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Steve Addazio Pinstripe Bowl Presser

NCAA Football: Boston College at Syracuse Mark Konezny-USA TODAY Sports

Steve Addazio was upbeat and excited for his press conference for the New Era Pinstripe Bowl. Read the transcript below:

Head coach Steve Addazio

STEVE ADDAZIO: On offense, it's as good an offensive line as I've seen this year playing. Very talented, very explosive tight ends, excellent, dynamic players with speed. Really outstanding running back, quarterback has a big arm. Very well-coached, very good at attacking defenses schematically.

Their offense -- I'm sorry, their defense, really fundamentally sound. Couple of All-Americans on defense. Obviously, everybody knows Josey Jewell and Josh Jackson in the back end, and physical up front, play with great pad level. Very, very tough team, physical, tough team.

Special teams are very, very sound. This is a good football team. Well-coached team. They're going to play hard. It's going to be a physical game. I think both teams are fundamentally sound. Both teams are going to play with a physical edge and a mentality, and will make for a heck of a game down in New York in Yankee Stadium.

So we're excited about it. We have a great deal of respect for Coach Ferentz and for the whole Iowa program. There are a lot of connections in our staff to their staff, and certainly respect everything about them and what Coach has accomplished throughout his tenure, which has been one of the longest and most consistent tenures in Power Five football.

So great respect, great admiration for them, and really excited about an opportunity to play this level of Big Ten team down at Yankee Stadium. We're jacked about being in Yankee Stadium and playing in this bowl game.

We're jacked about the fact that this is like a home game for us and we've got a great fan base there. Our kids couldn't be more excited, and we're really honored to be able to represent the ACC in this bowl game. So looking forward to it. Any questions?

Q. Talk about their secondary. First, is this Josh Jackson there Lukas Denis?

STEVE ADDAZIO: Yeah, he's a super talented guy. He really does a great job anticipating the ball. I really think he's talented, yeah.

Q. They have 19 interceptions, that's more than you have. So is it just schematically are they sound?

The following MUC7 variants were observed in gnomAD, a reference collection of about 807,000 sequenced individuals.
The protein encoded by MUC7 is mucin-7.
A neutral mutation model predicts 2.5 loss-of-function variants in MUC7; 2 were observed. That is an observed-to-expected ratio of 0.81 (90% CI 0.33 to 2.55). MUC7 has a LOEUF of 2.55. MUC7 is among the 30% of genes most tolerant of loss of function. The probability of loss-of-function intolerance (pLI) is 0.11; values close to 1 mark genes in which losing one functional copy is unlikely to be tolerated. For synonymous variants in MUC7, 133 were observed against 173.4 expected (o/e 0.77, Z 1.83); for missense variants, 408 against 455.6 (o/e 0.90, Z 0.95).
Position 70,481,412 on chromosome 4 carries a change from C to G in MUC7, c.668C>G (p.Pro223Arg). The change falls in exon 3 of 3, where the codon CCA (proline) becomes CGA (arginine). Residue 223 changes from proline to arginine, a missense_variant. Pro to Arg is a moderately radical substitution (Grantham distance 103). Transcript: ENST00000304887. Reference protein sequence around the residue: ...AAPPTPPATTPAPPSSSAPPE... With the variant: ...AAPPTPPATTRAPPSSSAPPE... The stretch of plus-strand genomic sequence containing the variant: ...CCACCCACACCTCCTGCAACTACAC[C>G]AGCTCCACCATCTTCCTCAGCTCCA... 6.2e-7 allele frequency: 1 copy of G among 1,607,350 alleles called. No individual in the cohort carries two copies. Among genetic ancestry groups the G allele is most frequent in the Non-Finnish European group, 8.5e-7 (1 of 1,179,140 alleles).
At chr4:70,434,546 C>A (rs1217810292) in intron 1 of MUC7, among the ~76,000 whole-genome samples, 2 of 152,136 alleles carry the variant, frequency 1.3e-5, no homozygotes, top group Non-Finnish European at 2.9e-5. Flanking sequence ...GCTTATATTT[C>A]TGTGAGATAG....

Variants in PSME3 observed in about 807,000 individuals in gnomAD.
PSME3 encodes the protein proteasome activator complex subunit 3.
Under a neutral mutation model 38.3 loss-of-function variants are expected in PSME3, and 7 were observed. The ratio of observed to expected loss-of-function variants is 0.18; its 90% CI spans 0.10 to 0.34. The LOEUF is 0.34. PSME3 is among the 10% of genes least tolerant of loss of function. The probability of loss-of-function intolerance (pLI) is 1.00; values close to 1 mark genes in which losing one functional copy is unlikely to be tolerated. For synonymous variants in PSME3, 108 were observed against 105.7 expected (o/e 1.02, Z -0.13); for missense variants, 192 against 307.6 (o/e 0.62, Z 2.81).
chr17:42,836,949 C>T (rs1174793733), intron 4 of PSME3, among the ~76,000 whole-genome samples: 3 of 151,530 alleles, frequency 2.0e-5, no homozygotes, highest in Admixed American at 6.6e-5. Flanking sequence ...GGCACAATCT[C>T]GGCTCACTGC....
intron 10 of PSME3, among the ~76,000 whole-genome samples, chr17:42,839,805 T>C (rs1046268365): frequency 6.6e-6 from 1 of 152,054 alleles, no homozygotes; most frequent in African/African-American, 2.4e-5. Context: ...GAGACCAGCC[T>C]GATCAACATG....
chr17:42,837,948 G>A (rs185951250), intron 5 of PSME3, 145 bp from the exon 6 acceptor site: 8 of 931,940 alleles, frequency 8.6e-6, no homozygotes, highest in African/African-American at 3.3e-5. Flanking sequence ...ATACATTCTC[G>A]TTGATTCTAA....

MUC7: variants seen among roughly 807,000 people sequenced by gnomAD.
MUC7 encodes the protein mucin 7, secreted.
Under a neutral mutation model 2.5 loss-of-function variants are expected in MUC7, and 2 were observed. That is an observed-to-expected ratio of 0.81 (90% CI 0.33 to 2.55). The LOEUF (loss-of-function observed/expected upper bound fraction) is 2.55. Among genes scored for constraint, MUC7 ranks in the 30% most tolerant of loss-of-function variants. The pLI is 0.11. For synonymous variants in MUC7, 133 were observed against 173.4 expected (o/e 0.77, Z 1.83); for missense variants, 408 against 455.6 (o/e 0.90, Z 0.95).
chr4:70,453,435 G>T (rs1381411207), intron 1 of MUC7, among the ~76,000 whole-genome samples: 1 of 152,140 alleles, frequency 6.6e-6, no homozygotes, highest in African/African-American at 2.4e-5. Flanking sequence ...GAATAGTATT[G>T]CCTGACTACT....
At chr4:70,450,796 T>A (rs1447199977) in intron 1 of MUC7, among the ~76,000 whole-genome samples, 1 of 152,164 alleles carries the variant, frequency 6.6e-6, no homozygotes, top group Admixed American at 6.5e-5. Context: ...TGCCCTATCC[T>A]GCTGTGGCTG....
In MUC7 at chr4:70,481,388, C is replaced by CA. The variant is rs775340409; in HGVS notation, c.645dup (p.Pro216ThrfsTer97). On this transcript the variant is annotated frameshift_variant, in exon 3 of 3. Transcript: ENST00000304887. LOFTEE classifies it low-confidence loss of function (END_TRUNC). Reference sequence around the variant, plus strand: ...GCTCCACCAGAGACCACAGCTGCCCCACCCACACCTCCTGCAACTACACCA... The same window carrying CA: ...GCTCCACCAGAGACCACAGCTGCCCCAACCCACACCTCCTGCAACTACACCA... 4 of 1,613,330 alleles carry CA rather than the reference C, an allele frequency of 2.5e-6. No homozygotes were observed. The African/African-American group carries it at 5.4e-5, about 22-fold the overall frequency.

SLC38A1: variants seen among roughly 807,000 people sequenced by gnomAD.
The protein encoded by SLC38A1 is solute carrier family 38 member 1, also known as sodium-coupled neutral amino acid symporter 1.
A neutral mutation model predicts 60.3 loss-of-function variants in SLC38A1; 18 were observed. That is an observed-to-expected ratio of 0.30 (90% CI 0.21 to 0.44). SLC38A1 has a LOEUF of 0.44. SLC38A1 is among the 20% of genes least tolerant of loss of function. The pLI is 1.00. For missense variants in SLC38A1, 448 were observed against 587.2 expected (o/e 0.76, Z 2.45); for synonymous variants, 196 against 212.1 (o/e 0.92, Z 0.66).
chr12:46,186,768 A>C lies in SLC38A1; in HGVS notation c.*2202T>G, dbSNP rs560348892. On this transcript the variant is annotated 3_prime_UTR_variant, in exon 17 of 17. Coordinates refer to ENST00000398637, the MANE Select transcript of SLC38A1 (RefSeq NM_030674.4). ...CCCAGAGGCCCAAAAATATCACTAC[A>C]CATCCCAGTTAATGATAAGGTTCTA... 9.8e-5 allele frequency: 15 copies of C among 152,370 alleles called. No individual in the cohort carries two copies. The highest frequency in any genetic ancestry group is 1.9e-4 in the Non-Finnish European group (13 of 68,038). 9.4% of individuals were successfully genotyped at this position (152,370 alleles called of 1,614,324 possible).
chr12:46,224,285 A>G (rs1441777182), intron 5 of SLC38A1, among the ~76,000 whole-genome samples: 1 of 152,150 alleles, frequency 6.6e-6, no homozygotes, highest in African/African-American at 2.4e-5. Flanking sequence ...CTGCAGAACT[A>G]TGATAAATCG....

STEVE ADDAZIO: Yeah, well, they're like experts at the covers that they play. They have all the adjustments off of their coverage. They know what they're doing and their system of defense. They're very good at it. I think the people make the mistake maybe sometimes watching them on tape and thinking they're kind of vanilla, but they're not. There is a lot that goes on within their back end, and they're coached well and they're talented.

Q. Can you talk about their quarterback too?

STEVE ADDAZIO: Yeah, talented guy with a big arm. I think he's a guy that can make all the throws. You've seen that on the tape. Has done some really good things throughout the year. So I think he's certainly a guy with a high ability level. I'm not just saying we're playing Iowa now so I'm going to give you all that coach speak. I'm telling you I'm watching the tape and I'm very impressed with them. I think they're outstanding. I do.

Q. 25 touchdowns (Inaudible)?

STEVE ADDAZIO: He's got a good arm. You can tell he's an intelligent player. Their whole team is like that though. They're not going to beat themselves. You better make sure you don't beat yourself playing them. People turn the ball over a fair amount against them, and I don't think that's a coincidence or an accident.

Q. How is Darius working with the receivers?

STEVE ADDAZIO: Great. Great bowl prep. He's done a fantastic job. I think this has been one of our best bowl preps in terms of development. Watching some of these guys that have vital roles in the game are getting better and better as they roll. So, from that standpoint, it's been very productive.